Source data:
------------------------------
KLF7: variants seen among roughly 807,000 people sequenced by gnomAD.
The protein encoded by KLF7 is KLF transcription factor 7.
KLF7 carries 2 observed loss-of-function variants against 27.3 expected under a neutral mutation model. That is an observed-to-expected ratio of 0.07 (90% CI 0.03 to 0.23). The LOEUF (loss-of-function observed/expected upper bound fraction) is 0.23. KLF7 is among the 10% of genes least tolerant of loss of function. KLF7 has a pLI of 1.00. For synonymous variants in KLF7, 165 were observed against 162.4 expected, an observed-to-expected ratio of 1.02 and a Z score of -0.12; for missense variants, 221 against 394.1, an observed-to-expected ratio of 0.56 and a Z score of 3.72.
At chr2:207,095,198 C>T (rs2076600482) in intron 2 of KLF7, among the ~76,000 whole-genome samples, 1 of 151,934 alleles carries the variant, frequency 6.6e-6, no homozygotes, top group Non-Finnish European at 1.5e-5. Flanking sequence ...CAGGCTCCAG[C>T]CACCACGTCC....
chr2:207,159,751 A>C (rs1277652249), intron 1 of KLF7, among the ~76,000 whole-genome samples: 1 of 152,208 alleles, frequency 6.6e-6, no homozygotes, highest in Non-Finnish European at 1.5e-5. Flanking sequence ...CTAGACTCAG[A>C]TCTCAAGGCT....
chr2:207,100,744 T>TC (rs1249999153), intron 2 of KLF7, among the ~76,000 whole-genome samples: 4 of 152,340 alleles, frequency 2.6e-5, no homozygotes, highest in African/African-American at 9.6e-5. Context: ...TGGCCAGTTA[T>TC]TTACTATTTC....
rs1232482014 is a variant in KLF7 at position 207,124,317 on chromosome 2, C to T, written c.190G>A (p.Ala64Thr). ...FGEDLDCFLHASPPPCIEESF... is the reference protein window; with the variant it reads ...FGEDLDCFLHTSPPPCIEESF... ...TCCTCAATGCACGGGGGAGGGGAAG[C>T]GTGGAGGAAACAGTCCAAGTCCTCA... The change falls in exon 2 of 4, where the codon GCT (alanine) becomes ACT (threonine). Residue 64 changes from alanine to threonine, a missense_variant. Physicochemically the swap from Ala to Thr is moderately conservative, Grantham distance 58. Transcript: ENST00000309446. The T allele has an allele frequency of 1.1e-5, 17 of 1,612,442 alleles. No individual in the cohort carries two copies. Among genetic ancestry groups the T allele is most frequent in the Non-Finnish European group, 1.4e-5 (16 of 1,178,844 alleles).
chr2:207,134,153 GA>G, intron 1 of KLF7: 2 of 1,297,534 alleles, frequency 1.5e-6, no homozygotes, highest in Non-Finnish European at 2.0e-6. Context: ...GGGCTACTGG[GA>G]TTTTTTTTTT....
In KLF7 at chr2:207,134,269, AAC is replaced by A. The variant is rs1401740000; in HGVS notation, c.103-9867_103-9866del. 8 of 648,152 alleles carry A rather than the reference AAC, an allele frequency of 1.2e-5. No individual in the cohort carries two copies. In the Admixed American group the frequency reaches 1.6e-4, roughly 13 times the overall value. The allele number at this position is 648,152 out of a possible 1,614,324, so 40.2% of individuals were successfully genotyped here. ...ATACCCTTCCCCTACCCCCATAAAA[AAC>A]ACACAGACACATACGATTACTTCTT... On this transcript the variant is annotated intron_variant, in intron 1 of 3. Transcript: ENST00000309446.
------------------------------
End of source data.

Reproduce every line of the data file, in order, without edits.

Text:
KLF7: variants seen among roughly 807,000 people sequenced by gnomAD.
The protein encoded by KLF7 is KLF transcription factor 7.
KLF7 carries 2 observed loss-of-function variants against 27.3 expected under a neutral mutation model. That is an observed-to-expected ratio of 0.07 (90% CI 0.03 to 0.23). The LOEUF (loss-of-function observed/expected upper bound fraction) is 0.23. KLF7 is among the 10% of genes least tolerant of loss of function. KLF7 has a pLI of 1.00. For synonymous variants in KLF7, 165 were observed against 162.4 expected, an observed-to-expected ratio of 1.02 and a Z score of -0.12; for missense variants, 221 against 394.1, an observed-to-expected ratio of 0.56 and a Z score of 3.72.
At chr2:207,095,198 C>T (rs2076600482) in intron 2 of KLF7, among the ~76,000 whole-genome samples, 1 of 151,934 alleles carries the variant, frequency 6.6e-6, no homozygotes, top group Non-Finnish European at 1.5e-5. Flanking sequence ...CAGGCTCCAG[C>T]CACCACGTCC....
chr2:207,159,751 A>C (rs1277652249), intron 1 of KLF7, among the ~76,000 whole-genome samples: 1 of 152,208 alleles, frequency 6.6e-6, no homozygotes, highest in Non-Finnish European at 1.5e-5. Flanking sequence ...CTAGACTCAG[A>C]TCTCAAGGCT....
chr2:207,100,744 T>TC (rs1249999153), intron 2 of KLF7, among the ~76,000 whole-genome samples: 4 of 152,340 alleles, frequency 2.6e-5, no homozygotes, highest in African/African-American at 9.6e-5. Context: ...TGGCCAGTTA[T>TC]TTACTATTTC....
rs1232482014 is a variant in KLF7 at position 207,124,317 on chromosome 2, C to T, written c.190G>A (p.Ala64Thr). ...FGEDLDCFLHASPPPCIEESF... is the reference protein window; with the variant it reads ...FGEDLDCFLHTSPPPCIEESF... ...TCCTCAATGCACGGGGGAGGGGAAG[C>T]GTGGAGGAAACAGTCCAAGTCCTCA... The change falls in exon 2 of 4, where the codon GCT (alanine) becomes ACT (threonine). Residue 64 changes from alanine to threonine, a missense_variant. Physicochemically the swap from Ala to Thr is moderately conservative, Grantham distance 58. Transcript: ENST00000309446. The T allele has an allele frequency of 1.1e-5, 17 of 1,612,442 alleles. No individual in the cohort carries two copies. Among genetic ancestry groups the T allele is most frequent in the Non-Finnish European group, 1.4e-5 (16 of 1,178,844 alleles).
chr2:207,134,153 GA>G, intron 1 of KLF7: 2 of 1,297,534 alleles, frequency 1.5e-6, no homozygotes, highest in Non-Finnish European at 2.0e-6. Context: ...GGGCTACTGG[GA>G]TTTTTTTTTT....
In KLF7 at chr2:207,134,269, AAC is replaced by A. The variant is rs1401740000; in HGVS notation, c.103-9867_103-9866del. 8 of 648,152 alleles carry A rather than the reference AAC, an allele frequency of 1.2e-5. No individual in the cohort carries two copies. In the Admixed American group the frequency reaches 1.6e-4, roughly 13 times the overall value. The allele number at this position is 648,152 out of a possible 1,614,324, so 40.2% of individuals were successfully genotyped here. ...ATACCCTTCCCCTACCCCCATAAAA[AAC>A]ACACAGACACATACGATTACTTCTT... On this transcript the variant is annotated intron_variant, in intron 1 of 3. Transcript: ENST00000309446.